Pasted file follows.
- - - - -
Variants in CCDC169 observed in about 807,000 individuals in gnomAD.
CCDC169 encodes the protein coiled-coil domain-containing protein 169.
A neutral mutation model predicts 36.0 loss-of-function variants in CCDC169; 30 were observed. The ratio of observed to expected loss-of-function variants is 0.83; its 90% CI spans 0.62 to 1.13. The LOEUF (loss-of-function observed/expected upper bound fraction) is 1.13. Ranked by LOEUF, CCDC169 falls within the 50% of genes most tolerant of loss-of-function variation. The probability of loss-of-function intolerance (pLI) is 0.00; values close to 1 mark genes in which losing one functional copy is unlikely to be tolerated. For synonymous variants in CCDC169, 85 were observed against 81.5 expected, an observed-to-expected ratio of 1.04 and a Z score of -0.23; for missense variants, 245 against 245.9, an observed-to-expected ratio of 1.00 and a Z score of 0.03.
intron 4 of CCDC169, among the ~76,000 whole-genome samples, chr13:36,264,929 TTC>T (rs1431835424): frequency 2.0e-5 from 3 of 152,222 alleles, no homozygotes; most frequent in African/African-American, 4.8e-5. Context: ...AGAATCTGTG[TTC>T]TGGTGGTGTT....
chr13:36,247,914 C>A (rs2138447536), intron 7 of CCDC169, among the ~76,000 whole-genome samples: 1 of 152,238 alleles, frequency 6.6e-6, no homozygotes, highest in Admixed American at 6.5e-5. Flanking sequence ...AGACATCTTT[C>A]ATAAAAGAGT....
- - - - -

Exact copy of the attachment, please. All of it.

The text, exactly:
Variants in CCDC169 observed in about 807,000 individuals in gnomAD.
CCDC169 encodes the protein coiled-coil domain-containing protein 169.
A neutral mutation model predicts 36.0 loss-of-function variants in CCDC169; 30 were observed. The ratio of observed to expected loss-of-function variants is 0.83; its 90% CI spans 0.62 to 1.13. The LOEUF (loss-of-function observed/expected upper bound fraction) is 1.13. Ranked by LOEUF, CCDC169 falls within the 50% of genes most tolerant of loss-of-function variation. The probability of loss-of-function intolerance (pLI) is 0.00; values close to 1 mark genes in which losing one functional copy is unlikely to be tolerated. For synonymous variants in CCDC169, 85 were observed against 81.5 expected, an observed-to-expected ratio of 1.04 and a Z score of -0.23; for missense variants, 245 against 245.9, an observed-to-expected ratio of 1.00 and a Z score of 0.03.
intron 4 of CCDC169, among the ~76,000 whole-genome samples, chr13:36,264,929 TTC>T (rs1431835424): frequency 2.0e-5 from 3 of 152,222 alleles, no homozygotes; most frequent in African/African-American, 4.8e-5. Context: ...AGAATCTGTG[TTC>T]TGGTGGTGTT....
chr13:36,247,914 C>A (rs2138447536), intron 7 of CCDC169, among the ~76,000 whole-genome samples: 1 of 152,238 alleles, frequency 6.6e-6, no homozygotes, highest in Admixed American at 6.5e-5. Flanking sequence ...AGACATCTTT[C>A]ATAAAAGAGT....